The theme of Ayn Rand’s novel The Fountainhead is: individualism versus collectivism, not in politics, but in man’s soul. The story presents the career of Howard Roark, an architect and innovator who breaks with tradition, recognizes no authority but that of his own independent judgment, struggles for the integrity of his creative work against every form of social opposition — and wins. In this passage from a conversation between Roark and his friend Gail Wynand, Roark explains what he has discovered about the psychology of those whose basic motivation is the opposite of his own.
“It’s what I couldn’t understand about people for a long time. They have no self. They live within others. They live second-hand. Look at Peter Keating. . . . I’ve looked at him — at what’s left of him — and it’s helped me to understand. He’s paying the price and wondering for what sin and telling himself that he’s been too selfish. In what act or thought of his has there ever been a self? What was his aim in life? Greatness — in other people’s eyes. Fame, admiration, envy — all that which comes from others. Others dictated his convictions, which he did not hold, but he was satisfied that others believed he held them. Others were his motive power and his prime concern. He didn’t want to be great, but to be thought great. He didn’t want to build, but to be admired as a builder. He borrowed from others in order to make an impression on others. There’s your actual selflessness. It’s his ego that he’s betrayed and given up. But everybody calls him selfish. . . .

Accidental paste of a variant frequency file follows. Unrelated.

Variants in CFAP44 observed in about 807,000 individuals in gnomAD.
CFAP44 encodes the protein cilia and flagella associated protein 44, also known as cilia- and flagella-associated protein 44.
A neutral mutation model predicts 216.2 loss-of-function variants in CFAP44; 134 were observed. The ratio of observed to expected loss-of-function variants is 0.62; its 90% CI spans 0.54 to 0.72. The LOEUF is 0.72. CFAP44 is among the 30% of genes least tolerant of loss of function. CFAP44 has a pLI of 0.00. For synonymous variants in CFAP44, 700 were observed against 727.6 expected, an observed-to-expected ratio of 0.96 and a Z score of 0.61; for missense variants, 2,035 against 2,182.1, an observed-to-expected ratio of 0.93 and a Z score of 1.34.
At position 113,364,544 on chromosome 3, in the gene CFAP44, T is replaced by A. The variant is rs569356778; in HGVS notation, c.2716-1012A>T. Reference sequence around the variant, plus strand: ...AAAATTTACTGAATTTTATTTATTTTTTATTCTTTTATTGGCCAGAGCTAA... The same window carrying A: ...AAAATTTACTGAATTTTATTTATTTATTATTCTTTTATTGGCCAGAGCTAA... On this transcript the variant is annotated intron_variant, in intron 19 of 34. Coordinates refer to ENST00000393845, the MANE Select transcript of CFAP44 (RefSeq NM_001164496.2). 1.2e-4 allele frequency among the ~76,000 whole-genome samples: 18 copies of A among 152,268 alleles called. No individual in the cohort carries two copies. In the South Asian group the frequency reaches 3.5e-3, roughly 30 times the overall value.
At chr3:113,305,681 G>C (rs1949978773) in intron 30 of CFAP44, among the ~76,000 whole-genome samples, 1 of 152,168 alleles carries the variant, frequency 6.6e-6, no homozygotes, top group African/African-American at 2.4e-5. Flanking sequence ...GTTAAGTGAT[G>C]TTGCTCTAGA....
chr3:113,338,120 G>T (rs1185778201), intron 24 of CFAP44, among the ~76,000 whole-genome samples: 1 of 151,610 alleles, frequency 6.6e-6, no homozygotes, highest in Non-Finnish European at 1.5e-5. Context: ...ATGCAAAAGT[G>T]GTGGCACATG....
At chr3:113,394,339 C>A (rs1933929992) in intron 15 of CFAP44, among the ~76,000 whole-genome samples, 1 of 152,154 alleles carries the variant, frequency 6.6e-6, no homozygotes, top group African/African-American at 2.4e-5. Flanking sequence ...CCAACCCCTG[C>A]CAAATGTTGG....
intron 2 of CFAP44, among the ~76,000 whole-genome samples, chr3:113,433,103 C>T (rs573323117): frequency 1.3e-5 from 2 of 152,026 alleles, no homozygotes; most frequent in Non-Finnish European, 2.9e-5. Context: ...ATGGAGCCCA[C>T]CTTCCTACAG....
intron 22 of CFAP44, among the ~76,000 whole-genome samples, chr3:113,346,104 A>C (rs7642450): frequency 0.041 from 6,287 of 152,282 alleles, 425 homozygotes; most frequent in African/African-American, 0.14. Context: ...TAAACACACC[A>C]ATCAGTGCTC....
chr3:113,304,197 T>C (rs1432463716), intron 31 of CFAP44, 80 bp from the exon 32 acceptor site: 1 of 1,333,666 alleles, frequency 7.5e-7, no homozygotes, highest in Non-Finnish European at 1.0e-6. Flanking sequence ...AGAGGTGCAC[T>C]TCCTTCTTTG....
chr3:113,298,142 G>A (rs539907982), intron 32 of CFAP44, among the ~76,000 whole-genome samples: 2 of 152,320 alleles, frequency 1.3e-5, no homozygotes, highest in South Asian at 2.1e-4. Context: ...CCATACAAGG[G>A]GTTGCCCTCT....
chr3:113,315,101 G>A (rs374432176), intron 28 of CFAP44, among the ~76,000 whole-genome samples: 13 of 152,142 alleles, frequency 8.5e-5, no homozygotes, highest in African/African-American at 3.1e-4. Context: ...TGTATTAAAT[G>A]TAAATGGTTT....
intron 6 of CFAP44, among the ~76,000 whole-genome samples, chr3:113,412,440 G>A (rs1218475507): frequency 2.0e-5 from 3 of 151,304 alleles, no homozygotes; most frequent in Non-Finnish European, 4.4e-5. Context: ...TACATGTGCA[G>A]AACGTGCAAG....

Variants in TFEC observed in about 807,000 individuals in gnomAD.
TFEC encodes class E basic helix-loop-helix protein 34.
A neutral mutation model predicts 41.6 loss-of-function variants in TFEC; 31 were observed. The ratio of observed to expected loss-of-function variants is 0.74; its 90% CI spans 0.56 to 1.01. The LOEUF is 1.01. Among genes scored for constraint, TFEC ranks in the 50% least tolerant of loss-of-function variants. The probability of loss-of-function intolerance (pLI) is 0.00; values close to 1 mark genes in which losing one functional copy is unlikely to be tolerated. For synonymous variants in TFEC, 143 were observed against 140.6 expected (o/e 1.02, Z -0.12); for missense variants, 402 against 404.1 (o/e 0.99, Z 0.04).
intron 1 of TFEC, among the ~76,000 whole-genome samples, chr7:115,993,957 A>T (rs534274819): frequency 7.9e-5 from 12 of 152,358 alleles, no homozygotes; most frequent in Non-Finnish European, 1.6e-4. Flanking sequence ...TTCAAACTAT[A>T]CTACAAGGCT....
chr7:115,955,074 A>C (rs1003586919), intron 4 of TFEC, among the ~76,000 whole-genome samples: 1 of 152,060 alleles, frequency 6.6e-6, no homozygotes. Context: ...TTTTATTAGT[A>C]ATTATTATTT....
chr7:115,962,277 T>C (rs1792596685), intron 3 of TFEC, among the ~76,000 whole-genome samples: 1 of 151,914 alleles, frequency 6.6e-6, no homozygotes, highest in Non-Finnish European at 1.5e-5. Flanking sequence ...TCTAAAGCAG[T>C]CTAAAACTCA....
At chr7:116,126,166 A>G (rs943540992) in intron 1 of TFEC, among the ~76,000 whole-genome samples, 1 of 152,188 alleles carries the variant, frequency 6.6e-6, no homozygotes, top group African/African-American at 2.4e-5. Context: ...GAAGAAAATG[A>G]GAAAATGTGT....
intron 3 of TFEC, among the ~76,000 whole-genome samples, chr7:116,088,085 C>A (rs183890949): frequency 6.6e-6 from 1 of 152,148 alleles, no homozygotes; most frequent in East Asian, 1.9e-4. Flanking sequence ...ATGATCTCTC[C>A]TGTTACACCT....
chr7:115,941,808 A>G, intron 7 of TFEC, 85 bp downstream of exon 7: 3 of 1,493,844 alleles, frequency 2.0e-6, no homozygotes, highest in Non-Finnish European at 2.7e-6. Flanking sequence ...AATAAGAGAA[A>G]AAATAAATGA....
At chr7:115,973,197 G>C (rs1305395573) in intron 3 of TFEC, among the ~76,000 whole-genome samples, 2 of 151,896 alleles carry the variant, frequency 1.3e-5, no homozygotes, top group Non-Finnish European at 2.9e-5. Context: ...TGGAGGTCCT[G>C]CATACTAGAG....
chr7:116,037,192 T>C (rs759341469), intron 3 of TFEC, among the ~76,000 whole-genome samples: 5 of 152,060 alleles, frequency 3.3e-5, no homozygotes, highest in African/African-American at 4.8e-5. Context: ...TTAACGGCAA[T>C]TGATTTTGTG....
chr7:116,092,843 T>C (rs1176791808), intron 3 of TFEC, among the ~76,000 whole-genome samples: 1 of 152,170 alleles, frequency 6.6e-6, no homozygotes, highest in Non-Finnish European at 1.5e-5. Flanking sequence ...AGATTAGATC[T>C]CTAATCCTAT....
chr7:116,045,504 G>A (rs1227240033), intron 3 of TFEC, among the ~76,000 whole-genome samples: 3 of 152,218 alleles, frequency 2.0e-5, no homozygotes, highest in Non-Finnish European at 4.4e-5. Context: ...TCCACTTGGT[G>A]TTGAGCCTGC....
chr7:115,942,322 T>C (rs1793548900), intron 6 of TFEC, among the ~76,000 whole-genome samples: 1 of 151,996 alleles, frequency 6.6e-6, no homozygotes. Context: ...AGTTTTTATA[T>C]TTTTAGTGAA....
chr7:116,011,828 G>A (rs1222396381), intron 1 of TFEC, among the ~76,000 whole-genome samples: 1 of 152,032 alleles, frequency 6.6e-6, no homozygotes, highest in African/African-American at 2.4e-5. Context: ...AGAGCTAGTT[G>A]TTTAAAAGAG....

“They have no concern for facts, ideas, work. They’re concerned only with people. They don’t ask: ‘Is this true?’ They ask: ‘Is this what others think is true?’ Not to judge, but to repeat. Not to do, but to give the impression of doing. Not creation, but show. Not ability, but friendship. Not merit, but pull. What would happen to the world without those who do, think, work, produce? Those are the egoists. You don’t think through another’s brain and you don’t work through another’s hands. When you suspend your faculty of independent judgment, you suspend consciousness. To stop consciousness is to stop life. Second-handers have no sense of reality. Their reality is not within them, but somewhere in that space which divides one human body from another. Not an entity, but a relation — anchored to nothing. That’s the emptiness I couldn’t understand in people. That’s what stopped me whenever I faced a committee. Men without an ego. Opinion without a rational process. Motion without brakes or motor. Power without responsibility. The second-hander acts, but the source of his actions is scattered in every other living person. It’s everywhere and nowhere and you can’t reason with him. He’s not open to reason. You can’t speak to him — he can’t hear. You’re tried by an empty bench. A blind mass running amuck, to crush you without sense or purpose. . . .”
“Notice how they’ll accept anything except a man who stands alone. They recognize him at once. . . . There’s a special, insidious kind of hatred for him. They forgive criminals. They admire dictators. Crime and violence are a tie. A form of mutual dependence. They need ties. They’ve got to force their miserable little personalities on every single person they meet. The independent man kills them — because they don’t exist within him and that’s the only form of existence they know. Notice the malignant kind of resentment against any idea that propounds independence. Notice the malice toward an independent man. . . . ”